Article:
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Catherine Mintz
... writes science fiction, fantasy, horror, and poetry.
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"I'm not convinced how much good the simulations will accomplish. " JH "I have strong doubts about the behavior aspects of these simulations—" WB I think they are part of imagining our way into space. More people imagined going around the worls than ever did, and even fewer made it. Today, about six percent of the people who go up Everest don't make it back. Even though the deaths are disporportionately sherpas ( many people don't understand how extreme the conditions are. Things have generaly gone their way; sometimes, on the mountain, they don't. Space is much more dangerous; help much further away.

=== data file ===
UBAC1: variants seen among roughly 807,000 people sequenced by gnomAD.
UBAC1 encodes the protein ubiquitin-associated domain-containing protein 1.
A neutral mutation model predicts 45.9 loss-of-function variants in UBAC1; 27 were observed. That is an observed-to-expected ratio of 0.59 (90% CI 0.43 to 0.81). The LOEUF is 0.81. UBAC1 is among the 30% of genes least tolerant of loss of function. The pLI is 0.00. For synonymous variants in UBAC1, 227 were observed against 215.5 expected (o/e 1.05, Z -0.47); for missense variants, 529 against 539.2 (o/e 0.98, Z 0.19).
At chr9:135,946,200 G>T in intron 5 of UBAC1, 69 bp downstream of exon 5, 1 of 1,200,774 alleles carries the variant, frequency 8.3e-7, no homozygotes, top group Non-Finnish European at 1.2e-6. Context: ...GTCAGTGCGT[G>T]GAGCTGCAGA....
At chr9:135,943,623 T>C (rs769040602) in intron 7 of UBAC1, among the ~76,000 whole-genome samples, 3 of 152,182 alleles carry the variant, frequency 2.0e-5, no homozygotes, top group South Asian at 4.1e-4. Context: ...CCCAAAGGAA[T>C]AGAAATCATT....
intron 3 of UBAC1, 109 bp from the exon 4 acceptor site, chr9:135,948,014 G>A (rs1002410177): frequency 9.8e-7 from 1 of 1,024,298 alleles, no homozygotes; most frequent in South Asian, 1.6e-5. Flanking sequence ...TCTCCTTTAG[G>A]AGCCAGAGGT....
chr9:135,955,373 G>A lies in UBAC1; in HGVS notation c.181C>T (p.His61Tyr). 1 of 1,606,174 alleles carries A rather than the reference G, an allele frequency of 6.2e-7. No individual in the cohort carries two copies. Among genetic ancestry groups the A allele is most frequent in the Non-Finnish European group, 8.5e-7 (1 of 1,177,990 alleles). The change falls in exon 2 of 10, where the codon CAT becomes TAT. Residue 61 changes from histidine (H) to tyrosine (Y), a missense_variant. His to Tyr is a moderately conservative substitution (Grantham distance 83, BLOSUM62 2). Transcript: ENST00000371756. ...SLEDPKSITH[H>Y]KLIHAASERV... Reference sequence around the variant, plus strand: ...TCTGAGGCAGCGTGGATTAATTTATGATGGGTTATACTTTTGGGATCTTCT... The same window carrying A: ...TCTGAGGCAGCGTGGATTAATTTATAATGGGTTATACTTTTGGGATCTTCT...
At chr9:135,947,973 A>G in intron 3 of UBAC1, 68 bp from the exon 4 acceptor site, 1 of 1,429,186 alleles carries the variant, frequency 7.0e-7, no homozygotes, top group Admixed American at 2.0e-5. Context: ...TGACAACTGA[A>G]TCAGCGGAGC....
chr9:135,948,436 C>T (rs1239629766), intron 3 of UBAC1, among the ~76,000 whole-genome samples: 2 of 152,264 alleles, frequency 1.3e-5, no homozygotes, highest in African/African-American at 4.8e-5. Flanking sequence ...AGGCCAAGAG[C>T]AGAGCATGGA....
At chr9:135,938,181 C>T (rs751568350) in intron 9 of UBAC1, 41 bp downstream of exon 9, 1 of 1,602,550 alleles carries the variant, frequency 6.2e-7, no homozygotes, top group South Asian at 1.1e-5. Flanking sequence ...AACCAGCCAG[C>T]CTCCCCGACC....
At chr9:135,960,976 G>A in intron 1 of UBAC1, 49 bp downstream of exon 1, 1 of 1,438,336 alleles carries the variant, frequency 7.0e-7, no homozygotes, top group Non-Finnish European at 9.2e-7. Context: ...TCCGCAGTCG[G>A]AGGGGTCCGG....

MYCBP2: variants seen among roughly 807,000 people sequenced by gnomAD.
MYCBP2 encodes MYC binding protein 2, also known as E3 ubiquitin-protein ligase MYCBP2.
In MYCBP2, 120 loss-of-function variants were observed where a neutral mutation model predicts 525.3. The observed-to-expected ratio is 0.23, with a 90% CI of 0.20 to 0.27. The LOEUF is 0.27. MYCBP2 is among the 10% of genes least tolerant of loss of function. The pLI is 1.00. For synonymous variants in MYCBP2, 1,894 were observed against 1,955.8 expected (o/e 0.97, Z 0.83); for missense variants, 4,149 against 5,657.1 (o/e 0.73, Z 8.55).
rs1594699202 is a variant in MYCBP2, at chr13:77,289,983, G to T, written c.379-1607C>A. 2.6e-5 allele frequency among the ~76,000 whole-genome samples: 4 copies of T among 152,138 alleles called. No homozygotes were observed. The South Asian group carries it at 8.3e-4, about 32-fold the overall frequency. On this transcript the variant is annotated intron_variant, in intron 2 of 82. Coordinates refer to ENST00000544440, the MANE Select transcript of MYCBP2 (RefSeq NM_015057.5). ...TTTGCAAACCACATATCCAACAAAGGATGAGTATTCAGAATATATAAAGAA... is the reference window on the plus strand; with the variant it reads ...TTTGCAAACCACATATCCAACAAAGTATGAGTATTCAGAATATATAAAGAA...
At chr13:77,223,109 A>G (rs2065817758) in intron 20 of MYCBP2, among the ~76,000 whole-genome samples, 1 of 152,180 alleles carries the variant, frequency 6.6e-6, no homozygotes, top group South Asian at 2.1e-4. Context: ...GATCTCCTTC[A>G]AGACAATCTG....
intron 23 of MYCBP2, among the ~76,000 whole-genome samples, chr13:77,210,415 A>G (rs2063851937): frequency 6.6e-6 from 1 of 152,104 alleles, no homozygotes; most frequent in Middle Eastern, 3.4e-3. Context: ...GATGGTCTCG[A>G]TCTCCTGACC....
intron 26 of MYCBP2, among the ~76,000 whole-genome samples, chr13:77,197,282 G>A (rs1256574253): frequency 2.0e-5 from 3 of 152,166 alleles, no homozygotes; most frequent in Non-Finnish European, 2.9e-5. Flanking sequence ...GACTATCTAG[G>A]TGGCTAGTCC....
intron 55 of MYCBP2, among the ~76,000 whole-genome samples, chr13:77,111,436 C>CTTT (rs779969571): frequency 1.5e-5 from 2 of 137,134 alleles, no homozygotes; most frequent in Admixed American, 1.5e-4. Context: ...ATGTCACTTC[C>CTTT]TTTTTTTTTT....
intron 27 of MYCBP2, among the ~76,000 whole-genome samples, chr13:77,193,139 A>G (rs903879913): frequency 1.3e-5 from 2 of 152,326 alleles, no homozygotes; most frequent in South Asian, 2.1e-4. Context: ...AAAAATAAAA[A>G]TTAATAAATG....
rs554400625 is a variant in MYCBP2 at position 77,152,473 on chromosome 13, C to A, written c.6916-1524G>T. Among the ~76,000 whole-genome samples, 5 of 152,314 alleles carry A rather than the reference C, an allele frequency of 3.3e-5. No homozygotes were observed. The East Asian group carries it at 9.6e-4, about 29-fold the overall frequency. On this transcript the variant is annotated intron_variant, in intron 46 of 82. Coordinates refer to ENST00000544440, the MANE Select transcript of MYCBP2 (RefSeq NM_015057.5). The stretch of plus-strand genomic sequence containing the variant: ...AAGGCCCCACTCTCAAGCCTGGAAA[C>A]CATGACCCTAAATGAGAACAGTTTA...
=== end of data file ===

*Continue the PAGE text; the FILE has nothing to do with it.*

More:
Toggle Commented 3 days ago on Fake Space Travel at SF and F Roundtable
Fake is when the moon landings take place in a airplane hanger floored with cement dust. Simulated is when they're doing the (almost) real stuff but know someone can throw a switch and stop the show. Let's preserve a useful distinction.
Toggle Commented Nov 10, 2017 on Fake Space Travel at SF and F Roundtable
"And—it exploded!" Not supposed to affect the launch schedule.
Toggle Commented Nov 8, 2017 on Next Up: November 2017 at SF and F Roundtable
Toggle Commented Oct 31, 2017 on Next Up: November 2017 at SF and F Roundtable
First peek at a Musk tunnel:
It's a big project with problems that have known solutions. All it needs is willpower and money.
Meanwhile, in Mexico, they are tunneling and building train tracks on pylons. They are also exploring things that can go wrong:
The Baltimore Sun has an article with more details:
It is a neat solution to the right of way problem that has prevented a TGV-type train on the East Coast, which could certainly use one. Train stations are more centrally located than airports, and trains can haul more weight per unit of fuel than planes do.